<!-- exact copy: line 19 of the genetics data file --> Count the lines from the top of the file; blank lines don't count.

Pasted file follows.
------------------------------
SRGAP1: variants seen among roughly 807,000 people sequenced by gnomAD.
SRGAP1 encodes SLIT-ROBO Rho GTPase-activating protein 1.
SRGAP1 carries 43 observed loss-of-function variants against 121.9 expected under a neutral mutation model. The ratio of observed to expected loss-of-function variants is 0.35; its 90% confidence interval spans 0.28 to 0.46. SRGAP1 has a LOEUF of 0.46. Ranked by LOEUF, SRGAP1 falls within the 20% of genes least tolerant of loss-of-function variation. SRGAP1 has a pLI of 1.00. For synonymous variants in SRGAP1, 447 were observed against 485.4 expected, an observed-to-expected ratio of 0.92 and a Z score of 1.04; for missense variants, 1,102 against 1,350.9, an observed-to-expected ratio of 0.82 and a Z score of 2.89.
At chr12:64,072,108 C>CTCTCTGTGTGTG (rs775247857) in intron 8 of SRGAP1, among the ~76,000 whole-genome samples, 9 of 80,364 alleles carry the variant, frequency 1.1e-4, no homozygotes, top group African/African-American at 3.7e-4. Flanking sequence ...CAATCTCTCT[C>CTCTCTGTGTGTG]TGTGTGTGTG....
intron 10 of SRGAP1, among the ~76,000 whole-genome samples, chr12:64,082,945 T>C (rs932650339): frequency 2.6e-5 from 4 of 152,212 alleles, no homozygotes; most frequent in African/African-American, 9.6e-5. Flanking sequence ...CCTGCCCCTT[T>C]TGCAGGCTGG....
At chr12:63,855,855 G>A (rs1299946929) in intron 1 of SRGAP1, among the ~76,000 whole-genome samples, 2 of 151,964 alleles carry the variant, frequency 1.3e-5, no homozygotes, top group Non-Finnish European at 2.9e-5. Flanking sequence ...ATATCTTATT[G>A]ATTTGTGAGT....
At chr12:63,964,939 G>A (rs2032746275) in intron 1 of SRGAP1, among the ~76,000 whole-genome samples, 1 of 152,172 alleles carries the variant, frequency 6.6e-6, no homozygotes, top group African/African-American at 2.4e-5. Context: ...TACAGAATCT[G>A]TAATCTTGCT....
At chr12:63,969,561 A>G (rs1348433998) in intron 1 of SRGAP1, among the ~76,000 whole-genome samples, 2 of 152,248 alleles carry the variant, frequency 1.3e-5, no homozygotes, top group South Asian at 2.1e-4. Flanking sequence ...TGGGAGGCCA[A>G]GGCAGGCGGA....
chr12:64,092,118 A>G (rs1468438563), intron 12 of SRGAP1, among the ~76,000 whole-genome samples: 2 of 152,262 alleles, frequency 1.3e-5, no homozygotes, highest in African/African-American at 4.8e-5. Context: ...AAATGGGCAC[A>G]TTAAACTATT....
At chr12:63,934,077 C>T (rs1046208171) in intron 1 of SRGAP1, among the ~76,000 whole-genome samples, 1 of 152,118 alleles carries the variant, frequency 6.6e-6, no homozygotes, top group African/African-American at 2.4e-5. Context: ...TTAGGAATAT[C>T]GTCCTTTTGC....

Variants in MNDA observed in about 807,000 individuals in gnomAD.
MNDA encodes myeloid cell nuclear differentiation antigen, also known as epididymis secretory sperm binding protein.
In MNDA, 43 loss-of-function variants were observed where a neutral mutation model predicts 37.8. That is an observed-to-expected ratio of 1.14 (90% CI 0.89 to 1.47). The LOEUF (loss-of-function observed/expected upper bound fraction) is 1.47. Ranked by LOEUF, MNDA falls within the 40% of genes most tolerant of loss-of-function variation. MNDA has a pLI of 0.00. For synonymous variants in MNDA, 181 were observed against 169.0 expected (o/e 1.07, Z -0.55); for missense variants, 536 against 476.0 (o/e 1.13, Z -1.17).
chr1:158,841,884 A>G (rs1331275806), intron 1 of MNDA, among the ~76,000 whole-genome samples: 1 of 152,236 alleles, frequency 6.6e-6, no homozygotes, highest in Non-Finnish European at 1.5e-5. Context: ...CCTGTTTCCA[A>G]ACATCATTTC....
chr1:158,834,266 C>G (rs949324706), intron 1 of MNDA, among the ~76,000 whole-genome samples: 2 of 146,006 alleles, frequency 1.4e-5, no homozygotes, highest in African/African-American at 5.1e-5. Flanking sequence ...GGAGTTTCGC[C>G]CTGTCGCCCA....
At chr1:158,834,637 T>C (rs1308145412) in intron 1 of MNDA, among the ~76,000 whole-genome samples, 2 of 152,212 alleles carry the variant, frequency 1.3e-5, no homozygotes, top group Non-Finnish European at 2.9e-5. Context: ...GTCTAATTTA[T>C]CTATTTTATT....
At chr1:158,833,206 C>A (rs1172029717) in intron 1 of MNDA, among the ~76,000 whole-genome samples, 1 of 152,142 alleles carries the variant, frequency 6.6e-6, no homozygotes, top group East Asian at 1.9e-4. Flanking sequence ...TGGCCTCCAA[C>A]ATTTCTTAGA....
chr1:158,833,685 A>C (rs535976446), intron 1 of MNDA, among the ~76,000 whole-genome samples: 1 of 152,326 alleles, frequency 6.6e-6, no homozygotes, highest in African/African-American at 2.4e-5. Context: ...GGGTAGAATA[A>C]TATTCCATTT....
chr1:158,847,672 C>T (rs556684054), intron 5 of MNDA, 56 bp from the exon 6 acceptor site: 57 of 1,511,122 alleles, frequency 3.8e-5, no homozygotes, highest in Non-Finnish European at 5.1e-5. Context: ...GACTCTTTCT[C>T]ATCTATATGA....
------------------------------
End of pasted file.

chr1:158,847,672 C>T (rs556684054), intron 5 of MNDA, 56 bp from the exon 6 acceptor site: 57 of 1,511,122 alleles, frequency 3.8e-5, no homozygotes, highest in Non-Finnish European at 5.1e-5. Context: ...GACTCTTTCT[C>T]ATCTATATGA....